As a new feature it now separates origin demand and destination demand. This means it is possible to have some hours in the day where a certain area is generating more pax (higher origin demand), and some other times where an area is attracting more pax towards it (higher destination demand).

Distance weighted destination demand curves

In addition to the time curves, distance weighted demand is also supported. But unlike in past versions, which used 3 hardcoded “flat” buckets of demand for 3 arbitrary distance limits, 1.12 supports a smooth curve. For now this curve is an exponential ramp-down, with 100% at 0 distance and an “long tail” of minimal demand at some distance, but I will probably experiment with a gaussian shape instead, to allow centering the 100% demand somewhere else than at 0, better enabling things like regional-focused saves.

Multiple, player defined curves

All the curves previously mentioned are player-defined, and an in-game editor is provided for them, as seen in the screenshots. This includes the default curve used for the bundled population map, which cannot be deleted, but can be renamed and modified completely if desired. It is even possible to set all its time demand to 0 to fully disable the built-in population.

Additionally, it is now possible to define multiple demand curves. When a new curve is created it is possible to redefine the full set of origin, demand and distance curves. This has been implemented as an additional level of CDF on top of the population density CDF.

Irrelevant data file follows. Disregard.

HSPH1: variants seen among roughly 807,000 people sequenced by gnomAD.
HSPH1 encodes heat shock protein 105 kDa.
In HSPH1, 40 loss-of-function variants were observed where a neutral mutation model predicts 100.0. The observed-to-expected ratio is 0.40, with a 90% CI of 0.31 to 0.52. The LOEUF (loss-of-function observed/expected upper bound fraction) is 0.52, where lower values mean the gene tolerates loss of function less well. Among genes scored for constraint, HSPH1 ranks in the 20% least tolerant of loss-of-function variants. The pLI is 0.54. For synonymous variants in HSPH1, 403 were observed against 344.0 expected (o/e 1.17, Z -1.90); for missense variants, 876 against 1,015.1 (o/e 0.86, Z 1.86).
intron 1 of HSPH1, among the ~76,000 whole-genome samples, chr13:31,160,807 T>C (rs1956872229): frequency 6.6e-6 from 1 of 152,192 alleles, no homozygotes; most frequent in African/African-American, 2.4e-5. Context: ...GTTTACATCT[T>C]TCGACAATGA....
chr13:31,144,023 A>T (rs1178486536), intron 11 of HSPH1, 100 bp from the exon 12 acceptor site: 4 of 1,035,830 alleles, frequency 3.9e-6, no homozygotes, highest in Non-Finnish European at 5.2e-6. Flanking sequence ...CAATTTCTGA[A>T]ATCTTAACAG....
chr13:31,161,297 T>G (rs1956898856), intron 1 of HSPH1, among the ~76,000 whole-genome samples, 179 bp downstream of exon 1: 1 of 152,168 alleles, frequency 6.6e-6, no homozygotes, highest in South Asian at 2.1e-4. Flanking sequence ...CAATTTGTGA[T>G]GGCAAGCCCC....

But what multiple demand curves could be useful for?

Player defined POIs

For player-defined, population altering POIs! 1.12 allows players to create special buildings which add some population in a point of the map, and then assign a demand curve to it, controlling how the population of that point evolves over time and how its distance is considered as a destination. There’s not much to see in the current build of 1.12, since for now POIs are just specially formatted text labels:

The finished system will feature a dedicated mode for creating these points, and they will be able to be colored and named normally, with dedicated UI for setting a population value and demand curve setting.

All tied together

An example of all of these features working together will make the systems clearer. In the following video (which you might want to watch fullscreen for the full detail) a POI has been created with a custom demand curve named “Stadium” and some exaggerated population value to magnify the effect for the video. The curve is displayed in the editor. It has distinct curves for destination (red) and origin (green) weighting. It models the demand a station could have, first becoming a very popular destination, then a couple hours later becoming a very popular generator of pax.

Under the curve editor and the POI label is the In/Out tab of a station whose area covers the POI (there’s 2 stations covering this POI, so it’s about to get completely swamped). The tab is first set to Destination mode, showing all the pax in the network who want to end their trips at it. At some point I change it to Origin mode, showing all the pax in the station who want to leave, plus all the others who already left and are in their way to their destinations.